I worked in the US for a French owned company; my boss was a native Frenchwoman, moved to the US for college at 18 and stayed. I saw her in our library grabbing a French-English dictionary. She was in her 30s or maybe early 40s at that point – I asked why she needed a dictionary – because of our industry, she had never been exposed to certain words when in France, so never learned those specific words – and since she learned them in English, she had to reverse the process… maybe Google Translate is being used for something like this?

              Reply
              1. Five after Midnight

                Same here. There is business terminology I know backwards and forwards in English, but trying to explain to my parents in my native language what I do at work fails on so many levels… I literally couldn’t hold my job in my native country (at first at least) because I wouldn’t be able to communicate.

                Reply
              2. MM

                Ooh, this is extremely real. The vocabulary you get in a class or even in daily life simply is not going to cover everything. I might be helping somebody interpret in a situation involving affordable housing in a few days, and if so I’m going to have to look up some vocabulary because affordable housing simply never came up in my Arabic classes or even when I was living in Arabic-speaking countries–I never had to go past things like “rent” and “apartment.”

                Reply
            4. SnowyCold

              Yep. The nuances…

              Two jobs ago, I used to get asked to translate from French to English to save money; I am not a translator. And I had to remind them “Do you know how much time it actually takes to make a good translation?” when I am not a translator and I am also at reception? I could spend a half-hour sometimes on getting one sentence just right. They insisted they had no money for translation. They got, then, what they “paid” for. My translations were workable but I won’t brag about them, ever.

              Reply
              1. Kuododi

                Oh it’s as bad if not worse in the medical interpretation world…If I had a dollar for every time I encountered medical professionals calling up housekeeping, or cafeteria workers because it was easier than putting the money into hiring qualified medical interpreter I would be worth more than Bill Gates!!! Don’t get me started on the chronic, horrific, inappropriate use of bilingual children to interpret for their families. Eeek!!! ;(

                Reply
          1. Ramona Flowers

            Translation industry norms.

            Source: several close friends are translators and one is director of a translation agency.

            Reply
          2. rudster

            Professional translator here. The “native speaker” rule is the prevailing Western philosophy, supported among others by the American Translators Association. Only a native speaker (a term that is also open to interpretation, but is usually understood to mean the dominant language of your upbringing and education up to the critical period for language acquisition) can really be expected to reliably produce translations that read like a native speaker has written them. I know only a very tiny number of non-natives who can produce quality translation in English, but they all came the US fairly young (college students or early 20’s), are talented linguists generally, and have spent decades studying translation and honing their craft. Even then I can usually spot tiny flaws when I edit their work. The “non-native translations are fine” philosophy is more common today in Central and Eastern Europe, where there were always very few native English or other non-local language speakers who were familiar enough with the local languages to translate from them, so translators from the region were always accustomed to translating out of their native language (with predictably spotty results, but this was considered acceptable under the circumstances).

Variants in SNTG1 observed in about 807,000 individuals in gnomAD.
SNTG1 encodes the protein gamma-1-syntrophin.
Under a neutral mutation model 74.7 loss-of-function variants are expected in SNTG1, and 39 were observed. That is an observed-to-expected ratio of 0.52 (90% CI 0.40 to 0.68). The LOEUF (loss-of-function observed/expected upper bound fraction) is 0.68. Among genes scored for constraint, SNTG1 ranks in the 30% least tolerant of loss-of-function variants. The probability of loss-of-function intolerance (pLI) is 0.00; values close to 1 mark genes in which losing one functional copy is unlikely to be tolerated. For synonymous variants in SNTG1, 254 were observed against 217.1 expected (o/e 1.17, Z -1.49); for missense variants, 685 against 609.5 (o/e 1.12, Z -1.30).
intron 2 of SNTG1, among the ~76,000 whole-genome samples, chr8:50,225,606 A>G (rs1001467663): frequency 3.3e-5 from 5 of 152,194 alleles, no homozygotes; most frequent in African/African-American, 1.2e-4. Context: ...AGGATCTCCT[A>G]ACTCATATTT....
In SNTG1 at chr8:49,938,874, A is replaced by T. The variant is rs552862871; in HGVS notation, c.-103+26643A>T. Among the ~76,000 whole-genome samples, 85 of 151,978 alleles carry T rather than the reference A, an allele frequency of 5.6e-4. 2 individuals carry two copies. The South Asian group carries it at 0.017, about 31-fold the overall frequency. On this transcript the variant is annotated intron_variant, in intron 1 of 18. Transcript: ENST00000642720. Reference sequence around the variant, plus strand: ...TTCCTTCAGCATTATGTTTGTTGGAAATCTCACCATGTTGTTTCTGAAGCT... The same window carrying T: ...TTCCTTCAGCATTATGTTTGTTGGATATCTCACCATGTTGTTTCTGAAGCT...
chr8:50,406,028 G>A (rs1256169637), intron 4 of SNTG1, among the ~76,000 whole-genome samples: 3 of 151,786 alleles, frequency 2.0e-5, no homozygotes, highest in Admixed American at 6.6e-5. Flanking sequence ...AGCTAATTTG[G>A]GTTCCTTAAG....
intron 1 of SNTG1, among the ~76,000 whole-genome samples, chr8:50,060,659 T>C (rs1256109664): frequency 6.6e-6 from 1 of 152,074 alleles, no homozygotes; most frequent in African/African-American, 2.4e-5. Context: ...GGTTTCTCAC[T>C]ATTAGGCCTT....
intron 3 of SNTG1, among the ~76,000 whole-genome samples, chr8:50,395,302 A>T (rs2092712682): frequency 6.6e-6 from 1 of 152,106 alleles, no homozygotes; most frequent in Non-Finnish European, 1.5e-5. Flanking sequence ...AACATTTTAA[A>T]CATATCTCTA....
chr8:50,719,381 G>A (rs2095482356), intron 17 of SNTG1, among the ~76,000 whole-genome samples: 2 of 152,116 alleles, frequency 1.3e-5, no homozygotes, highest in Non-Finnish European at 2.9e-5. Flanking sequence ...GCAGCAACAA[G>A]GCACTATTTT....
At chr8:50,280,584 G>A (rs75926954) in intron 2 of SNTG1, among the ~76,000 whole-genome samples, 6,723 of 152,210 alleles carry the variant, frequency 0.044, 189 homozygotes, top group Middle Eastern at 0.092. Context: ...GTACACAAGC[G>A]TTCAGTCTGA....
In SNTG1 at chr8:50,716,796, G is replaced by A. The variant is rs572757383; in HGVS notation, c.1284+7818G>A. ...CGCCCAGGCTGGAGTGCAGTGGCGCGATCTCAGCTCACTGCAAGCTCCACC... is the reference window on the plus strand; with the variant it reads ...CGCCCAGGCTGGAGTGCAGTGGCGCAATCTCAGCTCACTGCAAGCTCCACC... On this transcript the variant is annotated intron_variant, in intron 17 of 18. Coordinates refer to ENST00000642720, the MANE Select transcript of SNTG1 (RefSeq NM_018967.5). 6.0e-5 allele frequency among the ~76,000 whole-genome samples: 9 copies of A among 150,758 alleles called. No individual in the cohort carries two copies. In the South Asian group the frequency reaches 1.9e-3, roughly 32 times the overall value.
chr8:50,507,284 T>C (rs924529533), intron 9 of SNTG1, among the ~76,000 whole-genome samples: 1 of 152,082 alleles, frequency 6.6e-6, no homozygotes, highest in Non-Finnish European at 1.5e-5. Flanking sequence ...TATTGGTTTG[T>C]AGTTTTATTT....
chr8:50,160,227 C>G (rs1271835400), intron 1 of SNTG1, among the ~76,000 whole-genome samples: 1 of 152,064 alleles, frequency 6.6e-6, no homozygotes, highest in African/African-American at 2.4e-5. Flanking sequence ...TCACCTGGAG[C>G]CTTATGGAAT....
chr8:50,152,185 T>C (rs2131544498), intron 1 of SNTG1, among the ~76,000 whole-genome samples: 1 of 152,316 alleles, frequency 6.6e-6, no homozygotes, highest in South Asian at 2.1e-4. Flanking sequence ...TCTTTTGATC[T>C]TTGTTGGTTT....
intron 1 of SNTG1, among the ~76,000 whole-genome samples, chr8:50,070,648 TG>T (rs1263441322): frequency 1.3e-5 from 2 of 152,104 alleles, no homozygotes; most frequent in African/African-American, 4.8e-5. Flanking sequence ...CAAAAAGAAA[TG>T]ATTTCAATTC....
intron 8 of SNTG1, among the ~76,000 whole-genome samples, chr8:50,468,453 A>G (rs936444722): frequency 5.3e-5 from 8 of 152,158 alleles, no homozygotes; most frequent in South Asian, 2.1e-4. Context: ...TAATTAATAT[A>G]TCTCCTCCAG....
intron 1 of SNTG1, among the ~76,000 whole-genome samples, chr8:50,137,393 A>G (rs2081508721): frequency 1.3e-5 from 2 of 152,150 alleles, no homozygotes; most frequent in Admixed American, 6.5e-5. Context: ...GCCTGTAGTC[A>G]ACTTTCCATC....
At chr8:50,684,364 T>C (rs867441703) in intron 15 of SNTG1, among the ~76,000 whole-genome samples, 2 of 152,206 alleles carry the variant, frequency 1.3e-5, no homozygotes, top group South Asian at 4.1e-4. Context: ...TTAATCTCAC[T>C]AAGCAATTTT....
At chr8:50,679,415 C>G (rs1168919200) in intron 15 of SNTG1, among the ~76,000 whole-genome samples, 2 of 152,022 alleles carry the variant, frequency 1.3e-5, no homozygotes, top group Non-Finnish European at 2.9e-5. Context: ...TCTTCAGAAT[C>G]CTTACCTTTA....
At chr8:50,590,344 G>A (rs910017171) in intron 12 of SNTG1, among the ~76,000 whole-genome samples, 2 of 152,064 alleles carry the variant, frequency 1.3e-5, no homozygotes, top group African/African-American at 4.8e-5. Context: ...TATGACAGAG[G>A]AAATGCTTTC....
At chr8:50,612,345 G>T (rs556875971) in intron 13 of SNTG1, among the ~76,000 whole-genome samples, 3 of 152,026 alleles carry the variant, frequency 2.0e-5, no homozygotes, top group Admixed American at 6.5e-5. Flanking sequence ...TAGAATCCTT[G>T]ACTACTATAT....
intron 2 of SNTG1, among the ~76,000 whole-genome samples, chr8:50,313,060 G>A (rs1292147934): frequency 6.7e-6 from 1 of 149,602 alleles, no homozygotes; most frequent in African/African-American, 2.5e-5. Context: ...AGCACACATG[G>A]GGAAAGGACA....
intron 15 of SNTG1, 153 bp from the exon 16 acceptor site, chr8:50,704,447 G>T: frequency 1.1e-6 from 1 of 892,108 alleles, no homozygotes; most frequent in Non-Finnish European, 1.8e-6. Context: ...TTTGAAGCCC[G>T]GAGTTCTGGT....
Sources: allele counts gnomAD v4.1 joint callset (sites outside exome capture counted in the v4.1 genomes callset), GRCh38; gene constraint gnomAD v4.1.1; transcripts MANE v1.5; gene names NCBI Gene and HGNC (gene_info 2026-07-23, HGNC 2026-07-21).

Reply
            1. TL -

              That makes sense. I’ve known a lot of (learned as an adult) ESL speakers and most of them were fluent. Most of them were ‘can easily and consistently use humor and have in-depth and complex conversations ranging from pop culture to experimental design to explaining culturally nuanced frustrations with my parents’ fluent.
              But I only knew one ESL speaker who I would think of as a native level speaker, and even then, he spoke English with a British accent, which meant when he didn’t understand idioms not used in New England (as happened more frequently than it would with a New Englander), people thought it was because he was British and he got a bit of a pass.

              Reply
            2. EleonoraUK

              That’s really interesting, thanks for commenting!

              I wrote this above, but it differs from what I remember from my Linguistics MA. One of the modules on bilingualism stated that a small percentage (single digits, 5% from memory, but I now want to dig out my old textbooks to check) of people have the ability to learn another language after the critical language acquisition period and achieve full native-level fluency.

              It’s definitely the exception, not the rule, so I can see why official bodies would regulate against it, but it can be done to my knowledge. (Of course, the phrase ‘fluent’ in and of itself is problematic and often applied too liberally.)